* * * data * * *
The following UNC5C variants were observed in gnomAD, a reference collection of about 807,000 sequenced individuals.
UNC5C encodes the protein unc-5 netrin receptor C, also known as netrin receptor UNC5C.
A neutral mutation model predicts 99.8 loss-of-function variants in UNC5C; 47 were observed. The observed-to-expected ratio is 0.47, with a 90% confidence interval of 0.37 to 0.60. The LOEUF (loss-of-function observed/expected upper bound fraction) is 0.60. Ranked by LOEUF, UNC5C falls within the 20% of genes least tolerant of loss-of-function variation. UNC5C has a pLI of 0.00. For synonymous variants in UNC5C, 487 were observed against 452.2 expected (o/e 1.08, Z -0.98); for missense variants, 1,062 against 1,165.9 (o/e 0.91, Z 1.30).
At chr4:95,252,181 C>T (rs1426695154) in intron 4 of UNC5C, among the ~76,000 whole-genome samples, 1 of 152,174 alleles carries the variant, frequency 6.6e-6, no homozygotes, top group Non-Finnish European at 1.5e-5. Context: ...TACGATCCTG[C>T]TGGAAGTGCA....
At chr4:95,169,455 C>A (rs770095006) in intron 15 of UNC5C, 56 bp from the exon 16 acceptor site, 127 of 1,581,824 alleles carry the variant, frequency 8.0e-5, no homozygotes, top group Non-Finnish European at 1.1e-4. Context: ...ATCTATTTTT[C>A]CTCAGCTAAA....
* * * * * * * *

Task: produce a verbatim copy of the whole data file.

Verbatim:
The following UNC5C variants were observed in gnomAD, a reference collection of about 807,000 sequenced individuals.
UNC5C encodes the protein unc-5 netrin receptor C, also known as netrin receptor UNC5C.
A neutral mutation model predicts 99.8 loss-of-function variants in UNC5C; 47 were observed. The observed-to-expected ratio is 0.47, with a 90% confidence interval of 0.37 to 0.60. The LOEUF (loss-of-function observed/expected upper bound fraction) is 0.60. Ranked by LOEUF, UNC5C falls within the 20% of genes least tolerant of loss-of-function variation. UNC5C has a pLI of 0.00. For synonymous variants in UNC5C, 487 were observed against 452.2 expected (o/e 1.08, Z -0.98); for missense variants, 1,062 against 1,165.9 (o/e 0.91, Z 1.30).
At chr4:95,252,181 C>T (rs1426695154) in intron 4 of UNC5C, among the ~76,000 whole-genome samples, 1 of 152,174 alleles carries the variant, frequency 6.6e-6, no homozygotes, top group Non-Finnish European at 1.5e-5. Context: ...TACGATCCTG[C>T]TGGAAGTGCA....
At chr4:95,169,455 C>A (rs770095006) in intron 15 of UNC5C, 56 bp from the exon 16 acceptor site, 127 of 1,581,824 alleles carry the variant, frequency 8.0e-5, no homozygotes, top group Non-Finnish European at 1.1e-4. Context: ...ATCTATTTTT[C>A]CTCAGCTAAA....